October 16, 2019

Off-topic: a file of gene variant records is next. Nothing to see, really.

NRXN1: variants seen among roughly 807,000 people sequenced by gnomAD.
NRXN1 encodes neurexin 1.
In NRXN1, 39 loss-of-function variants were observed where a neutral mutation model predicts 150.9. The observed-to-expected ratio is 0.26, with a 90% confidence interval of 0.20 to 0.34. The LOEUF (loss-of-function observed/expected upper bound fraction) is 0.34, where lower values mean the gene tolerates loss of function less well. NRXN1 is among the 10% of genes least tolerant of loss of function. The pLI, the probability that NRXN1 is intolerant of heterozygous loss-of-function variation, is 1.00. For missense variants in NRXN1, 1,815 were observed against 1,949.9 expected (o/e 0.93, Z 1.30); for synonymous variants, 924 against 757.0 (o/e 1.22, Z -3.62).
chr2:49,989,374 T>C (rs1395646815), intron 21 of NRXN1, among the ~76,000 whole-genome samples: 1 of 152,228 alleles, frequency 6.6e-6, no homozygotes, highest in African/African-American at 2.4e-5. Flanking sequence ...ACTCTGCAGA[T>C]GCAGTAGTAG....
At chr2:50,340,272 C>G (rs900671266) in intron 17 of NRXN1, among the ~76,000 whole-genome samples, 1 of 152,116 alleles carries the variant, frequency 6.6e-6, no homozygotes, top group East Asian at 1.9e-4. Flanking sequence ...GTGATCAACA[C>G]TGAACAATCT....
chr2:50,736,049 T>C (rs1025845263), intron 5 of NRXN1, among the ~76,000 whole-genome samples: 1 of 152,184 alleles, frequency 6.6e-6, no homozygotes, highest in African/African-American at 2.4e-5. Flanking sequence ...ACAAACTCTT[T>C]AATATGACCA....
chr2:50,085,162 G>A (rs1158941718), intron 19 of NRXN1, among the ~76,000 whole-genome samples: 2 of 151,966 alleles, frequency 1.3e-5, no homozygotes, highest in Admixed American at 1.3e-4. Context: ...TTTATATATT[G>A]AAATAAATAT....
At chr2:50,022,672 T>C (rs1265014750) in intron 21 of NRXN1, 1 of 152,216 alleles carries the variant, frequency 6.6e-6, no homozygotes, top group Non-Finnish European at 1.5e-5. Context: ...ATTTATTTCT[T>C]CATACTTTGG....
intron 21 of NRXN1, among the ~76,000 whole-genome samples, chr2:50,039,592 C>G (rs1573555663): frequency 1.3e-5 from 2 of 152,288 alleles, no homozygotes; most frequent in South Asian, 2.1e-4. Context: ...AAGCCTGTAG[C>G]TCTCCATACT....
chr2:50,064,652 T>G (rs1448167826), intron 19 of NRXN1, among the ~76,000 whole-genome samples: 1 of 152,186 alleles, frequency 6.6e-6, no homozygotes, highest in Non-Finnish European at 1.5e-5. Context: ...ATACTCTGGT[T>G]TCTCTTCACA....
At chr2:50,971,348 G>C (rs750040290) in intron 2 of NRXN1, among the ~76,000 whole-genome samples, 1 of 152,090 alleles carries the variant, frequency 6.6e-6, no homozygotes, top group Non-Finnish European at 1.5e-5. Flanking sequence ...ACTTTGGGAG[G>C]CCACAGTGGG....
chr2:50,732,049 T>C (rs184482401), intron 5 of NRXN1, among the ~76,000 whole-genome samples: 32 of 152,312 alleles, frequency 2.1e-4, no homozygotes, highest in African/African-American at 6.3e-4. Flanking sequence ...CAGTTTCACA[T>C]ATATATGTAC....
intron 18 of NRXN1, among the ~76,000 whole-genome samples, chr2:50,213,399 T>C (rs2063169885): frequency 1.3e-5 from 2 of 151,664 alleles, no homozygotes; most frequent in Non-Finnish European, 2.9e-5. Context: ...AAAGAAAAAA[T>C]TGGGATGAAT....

I hate shopping for cars. I would probably enjoy it more of I had a lot more money, but as it is, I typically go into car buying with a strict set of rules and a limited budget. The worst part is when you talk to a salesman and he has you test drive a fancy car that is out of your price range or doesn’t fit your needs well. You wind up sitting in a car you want, because it is attractive and fun, but know you shouldn’t buy because it costs too much or has some impractical aspects that make it the wrong choice for you. The salesman is just doing his job: convincing you to spend a lot of money on a car. He gets paid based on your spending, so he shows you the flashy and fun option that draws you in emotionally. You want the fun car, even if the logical/practical part of your brain is pulling in the opposite direction reminding you that you can’t afford it or that it’s just not the right car. The tension that exists between what we want emotionally and what we know to be true or important is difficult. It turns up every time we swear that we will start exercising in the morning before work, only to have the desire to sleep late duke it out with our desire to be healthier while we lay in bed first thing in the morning. It happens when we have to choose to walk past the cookie aisle in the grocery store. It also happens when we have to choose between mindlessly surfing the internet or spending quality time with our family or reading. This is why reading books, saving money, eating healthy, and a ton of other good choices are a struggle. Our desire to indulge is often stronger than our commitment to our values. Often, this comes about because our values are not entirely clear in our heads. Most folks don’t sit down and rank the most important things in their lives in order to compare it with the how they use their time and money. When I ask people what’s most important to them, the top 5 are usually: God, family, health, finances, and work. When I ask the same folks how much time they invest in those aspects of their lives, the reality doesn’t match the theory. Please don’t read this as condescending or judgmental. This is a huge struggle in my own life that is brought to my attention routinely in my work as a pastor. I see folks struggling with all 5 of these and often counsel them on bringing their lives into balance. Much of the advice and direction I give can be boiled down to a few simply ideas: focus on what you consider to be the top priority and keep paying attention to those things. Don’t let yourself drift from your objective. With my car buying story, this would involve knowing what matters and resolving to make decisions based on that, rather than what makes us feel good or is the most exciting choice at the time. This won’t happen if we don’t walk into the decision with our mind made up as to what is and is not non-negotiable. Our desires will overtake our standards, and we will indulge if we are not resolute in our approach. Often, we end up regretting the indulgence later when we have to work extra hours or make sacrifices to pay for a car that is less exciting 3 years into the 6-year payment plan. The same is true when we find our decision to indulge in extra dessert or skip exercise has resulted in clothes that don’t fit or health complications. The reality is, if we wait to make a decision about what’s important until we are hungry, tired, and staring at a bag of cookies, we will make the one we don’t consider to be right. The trick is that we can forget what matters to us. This is why we must focus every day on what’s important to us and remind ourselves what our major life goals are so we can stay on the right path to accomplishing them.